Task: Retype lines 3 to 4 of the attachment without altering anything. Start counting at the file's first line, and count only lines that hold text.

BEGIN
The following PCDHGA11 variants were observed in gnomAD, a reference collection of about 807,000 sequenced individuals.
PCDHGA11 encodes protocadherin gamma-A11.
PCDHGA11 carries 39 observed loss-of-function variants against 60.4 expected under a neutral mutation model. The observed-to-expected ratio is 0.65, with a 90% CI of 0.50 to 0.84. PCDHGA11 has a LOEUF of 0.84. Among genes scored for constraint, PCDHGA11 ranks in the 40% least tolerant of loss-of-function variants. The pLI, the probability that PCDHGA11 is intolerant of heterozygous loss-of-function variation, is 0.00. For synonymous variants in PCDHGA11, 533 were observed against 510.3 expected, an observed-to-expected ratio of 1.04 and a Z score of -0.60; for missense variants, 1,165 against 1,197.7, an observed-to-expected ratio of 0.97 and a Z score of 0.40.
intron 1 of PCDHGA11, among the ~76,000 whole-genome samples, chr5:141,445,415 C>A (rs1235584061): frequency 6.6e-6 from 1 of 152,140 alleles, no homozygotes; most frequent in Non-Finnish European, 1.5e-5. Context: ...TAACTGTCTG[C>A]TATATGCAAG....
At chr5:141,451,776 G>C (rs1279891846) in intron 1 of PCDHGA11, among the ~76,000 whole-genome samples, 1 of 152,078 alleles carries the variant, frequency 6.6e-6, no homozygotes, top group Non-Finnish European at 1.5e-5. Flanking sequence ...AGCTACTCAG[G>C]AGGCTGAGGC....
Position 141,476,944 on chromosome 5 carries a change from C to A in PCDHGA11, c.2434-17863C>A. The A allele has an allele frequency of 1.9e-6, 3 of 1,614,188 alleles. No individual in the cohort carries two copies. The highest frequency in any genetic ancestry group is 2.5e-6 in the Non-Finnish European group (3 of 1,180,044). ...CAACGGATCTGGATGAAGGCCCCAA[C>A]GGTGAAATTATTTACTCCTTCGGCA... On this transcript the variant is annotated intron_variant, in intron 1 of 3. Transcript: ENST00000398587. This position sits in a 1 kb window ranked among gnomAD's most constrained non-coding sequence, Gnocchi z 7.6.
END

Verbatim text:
PCDHGA11 carries 39 observed loss-of-function variants against 60.4 expected under a neutral mutation model. The observed-to-expected ratio is 0.65, with a 90% CI of 0.50 to 0.84. PCDHGA11 has a LOEUF of 0.84. Among genes scored for constraint, PCDHGA11 ranks in the 40% least tolerant of loss-of-function variants. The pLI, the probability that PCDHGA11 is intolerant of heterozygous loss-of-function variation, is 0.00. For synonymous variants in PCDHGA11, 533 were observed against 510.3 expected, an observed-to-expected ratio of 1.04 and a Z score of -0.60; for missense variants, 1,165 against 1,197.7, an observed-to-expected ratio of 0.97 and a Z score of 0.40.
intron 1 of PCDHGA11, among the ~76,000 whole-genome samples, chr5:141,445,415 C>A (rs1235584061): frequency 6.6e-6 from 1 of 152,140 alleles, no homozygotes; most frequent in Non-Finnish European, 1.5e-5. Context: ...TAACTGTCTG[C>A]TATATGCAAG....